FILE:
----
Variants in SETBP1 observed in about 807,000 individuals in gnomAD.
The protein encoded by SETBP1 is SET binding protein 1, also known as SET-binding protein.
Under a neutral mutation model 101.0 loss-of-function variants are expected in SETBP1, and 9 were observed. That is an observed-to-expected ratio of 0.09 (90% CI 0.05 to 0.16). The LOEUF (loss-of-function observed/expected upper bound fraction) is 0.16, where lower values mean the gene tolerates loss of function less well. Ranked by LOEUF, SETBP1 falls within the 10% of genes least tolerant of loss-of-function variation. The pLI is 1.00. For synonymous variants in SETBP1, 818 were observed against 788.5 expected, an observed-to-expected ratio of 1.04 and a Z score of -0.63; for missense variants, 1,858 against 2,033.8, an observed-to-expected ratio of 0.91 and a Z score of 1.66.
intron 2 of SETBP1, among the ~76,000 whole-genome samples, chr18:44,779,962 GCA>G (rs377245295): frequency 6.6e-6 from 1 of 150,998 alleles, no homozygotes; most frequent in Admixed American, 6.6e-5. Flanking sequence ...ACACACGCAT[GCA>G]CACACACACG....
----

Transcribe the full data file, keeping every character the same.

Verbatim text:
Variants in SETBP1 observed in about 807,000 individuals in gnomAD.
The protein encoded by SETBP1 is SET binding protein 1, also known as SET-binding protein.
Under a neutral mutation model 101.0 loss-of-function variants are expected in SETBP1, and 9 were observed. That is an observed-to-expected ratio of 0.09 (90% CI 0.05 to 0.16). The LOEUF (loss-of-function observed/expected upper bound fraction) is 0.16, where lower values mean the gene tolerates loss of function less well. Ranked by LOEUF, SETBP1 falls within the 10% of genes least tolerant of loss-of-function variation. The pLI is 1.00. For synonymous variants in SETBP1, 818 were observed against 788.5 expected, an observed-to-expected ratio of 1.04 and a Z score of -0.63; for missense variants, 1,858 against 2,033.8, an observed-to-expected ratio of 0.91 and a Z score of 1.66.
intron 2 of SETBP1, among the ~76,000 whole-genome samples, chr18:44,779,962 GCA>G (rs377245295): frequency 6.6e-6 from 1 of 150,998 alleles, no homozygotes; most frequent in Admixed American, 6.6e-5. Flanking sequence ...ACACACGCAT[GCA>G]CACACACACG....